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5:44 AM Mon, Oct. 22nd

Bald eagles nesting at Lynx Lake, keep drones away

A bald eagle sits in a pine tree above Lynx Lake (File photo by Les Stukenberg)

A bald eagle sits in a pine tree above Lynx Lake (File photo by Les Stukenberg)

In December, Arizona bald eagles begin rebuilding nests in preparation for laying eggs. The birds nest, forage and roost at the rivers and lakes that have become some of Arizona’s most popular recreation spots, and this time of year can be challenging for the birds.

People hiking or boating around Lynx Lake may notice a nesting eagle pair. The Lynx Lake shoreline trail, however, will remain open unless the eagle pair moves nesting locations.

Some wildlife management agencies close areas around breeding locations during the birds’ breeding season to protect the state’s 67 breeding pairs of bald eagles.

These include eight places along the Verde River, two places along Tonto Creek, four along the Salt River, a portion near Crescent Lake in the Apache-Sitgreaves National Forest, a portion of Greer Lakes, the Lower Agua Fria Arm of Lake Pleasant, the north side of Luna Lake, and portions of Show Low and Whitehorse lakes.

“Bald eagles protecting an active nest will let you know if you are too close,” the AGFD press release dated Dec. 27 states. “If a bald eagle is vocalizing and circling the area frantically, you are too close and need to leave the area quickly. Bald eagles incubating eggs or brooding small young should never be off the nest for more than 15 minutes.”

Naturalists can enjoy watching the eagles from outside the closures by using a spotting scope, binoculars or telephoto camera lens. A few good places to see bald eagles without disturbing them (during December and January) are at Lake Mary and Mormon Lake near Flagstaff or on the Verde Canyon Train in Clarkdale.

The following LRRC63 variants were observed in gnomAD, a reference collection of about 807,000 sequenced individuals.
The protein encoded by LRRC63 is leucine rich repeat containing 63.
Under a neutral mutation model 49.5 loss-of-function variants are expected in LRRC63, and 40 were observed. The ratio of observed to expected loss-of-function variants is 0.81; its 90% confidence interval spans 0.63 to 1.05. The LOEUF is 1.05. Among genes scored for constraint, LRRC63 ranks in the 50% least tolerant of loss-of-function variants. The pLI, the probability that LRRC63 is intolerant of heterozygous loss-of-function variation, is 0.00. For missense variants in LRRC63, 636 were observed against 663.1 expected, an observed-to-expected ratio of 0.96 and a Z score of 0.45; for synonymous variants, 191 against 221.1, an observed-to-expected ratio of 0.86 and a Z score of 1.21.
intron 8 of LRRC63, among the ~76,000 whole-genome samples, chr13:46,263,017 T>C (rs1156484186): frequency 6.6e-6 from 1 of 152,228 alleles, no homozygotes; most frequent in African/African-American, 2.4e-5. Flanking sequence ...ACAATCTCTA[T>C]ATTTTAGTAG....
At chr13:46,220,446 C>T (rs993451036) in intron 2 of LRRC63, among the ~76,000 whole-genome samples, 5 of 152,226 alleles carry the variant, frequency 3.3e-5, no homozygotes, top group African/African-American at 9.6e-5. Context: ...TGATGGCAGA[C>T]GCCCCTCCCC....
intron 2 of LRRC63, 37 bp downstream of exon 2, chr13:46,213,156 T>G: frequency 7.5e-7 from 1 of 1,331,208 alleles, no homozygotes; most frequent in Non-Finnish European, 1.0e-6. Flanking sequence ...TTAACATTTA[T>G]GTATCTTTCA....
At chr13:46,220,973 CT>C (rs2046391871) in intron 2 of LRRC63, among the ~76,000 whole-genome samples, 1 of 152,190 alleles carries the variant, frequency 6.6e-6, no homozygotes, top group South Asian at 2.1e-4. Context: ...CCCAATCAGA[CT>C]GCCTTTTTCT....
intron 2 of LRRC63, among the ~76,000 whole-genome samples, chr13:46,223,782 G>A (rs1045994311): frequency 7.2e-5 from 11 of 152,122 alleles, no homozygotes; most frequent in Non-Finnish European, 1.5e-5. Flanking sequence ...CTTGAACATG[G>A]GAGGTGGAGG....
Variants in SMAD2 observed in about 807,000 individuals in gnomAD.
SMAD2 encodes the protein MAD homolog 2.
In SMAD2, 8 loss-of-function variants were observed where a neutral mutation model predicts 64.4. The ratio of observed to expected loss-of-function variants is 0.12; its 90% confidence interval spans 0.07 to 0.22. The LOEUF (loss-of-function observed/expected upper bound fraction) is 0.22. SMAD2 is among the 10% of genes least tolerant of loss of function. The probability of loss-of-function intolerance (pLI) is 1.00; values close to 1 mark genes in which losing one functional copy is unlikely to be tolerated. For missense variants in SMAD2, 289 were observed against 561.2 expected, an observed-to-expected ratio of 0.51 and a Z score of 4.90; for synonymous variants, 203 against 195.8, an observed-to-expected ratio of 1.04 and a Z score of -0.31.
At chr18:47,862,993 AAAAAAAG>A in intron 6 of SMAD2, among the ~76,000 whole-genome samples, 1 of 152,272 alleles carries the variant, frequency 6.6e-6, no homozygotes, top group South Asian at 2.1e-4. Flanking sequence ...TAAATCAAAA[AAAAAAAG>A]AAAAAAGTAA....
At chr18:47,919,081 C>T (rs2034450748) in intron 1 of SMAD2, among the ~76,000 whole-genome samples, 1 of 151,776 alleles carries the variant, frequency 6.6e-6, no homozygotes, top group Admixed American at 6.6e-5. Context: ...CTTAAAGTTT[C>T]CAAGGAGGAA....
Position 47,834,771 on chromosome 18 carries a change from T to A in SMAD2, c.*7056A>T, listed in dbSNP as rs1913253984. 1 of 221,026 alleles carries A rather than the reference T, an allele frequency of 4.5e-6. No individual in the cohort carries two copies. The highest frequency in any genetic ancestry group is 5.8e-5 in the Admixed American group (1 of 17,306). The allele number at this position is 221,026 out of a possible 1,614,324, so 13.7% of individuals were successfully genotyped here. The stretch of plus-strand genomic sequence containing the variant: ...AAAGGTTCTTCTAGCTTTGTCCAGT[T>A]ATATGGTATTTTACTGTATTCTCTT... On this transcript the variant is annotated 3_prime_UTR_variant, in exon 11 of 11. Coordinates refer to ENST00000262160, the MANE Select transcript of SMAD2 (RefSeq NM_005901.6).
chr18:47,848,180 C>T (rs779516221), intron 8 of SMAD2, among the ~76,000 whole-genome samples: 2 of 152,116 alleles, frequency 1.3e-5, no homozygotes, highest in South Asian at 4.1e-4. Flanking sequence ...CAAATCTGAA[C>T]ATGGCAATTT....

The Federal Aviation Administration recommends airplane pilots maintain a 2,000-foot above ground level over bald eagle habitat. They ask that drone operators avoid the areas completely. Just a few minutes of disturbance can lead to a nesting failure.

Matthew Mintzmyer, associate professor of aviation at Yavapai College, said the college program teaches its Unmanned Aircraft System students to be socially, environmentally and legally conscious when flying their drones.

“It doesn’t matter if they’re flying for hobby or recreational purposes, or for commercial use, our students are aware of the airspace they are flying in, and we pride ourselves in knowing that none of our students have ever been cited or received any complaints for flying drones,” Mintzmyer said.

Students spend a week during the Rules and Regulations class concentrating specifically on the AGFD policies.

“Additionally, we review case studies involving the harassment of wildlife to bring further awareness to our students,” he said. “Our policy involving flying in any sensitive area requires the operator to receive written authorization from the controlling agency that oversees that particular airspace prior to flying any missions.”


Fishing line and tackle have killed two nestlings and been found in two-thirds of all bald eagle nests in the state. Every year biologists remove these lethal hazards from nests and/or entangled nestlings.

AGFD asks anglers to discard of any fishing line properly in specially marked recycling containers or at fishing stores. They recommend anglers use fresh line that isn’t old and brittle.

Duck hunters should scout out their hunting area to ensure that bald eagles are not nesting nearby.

For more local information on the bald eagle nesting program or for updates, call the Prescott National Forest, Bradshaw Ranger District, at 928-443-8000.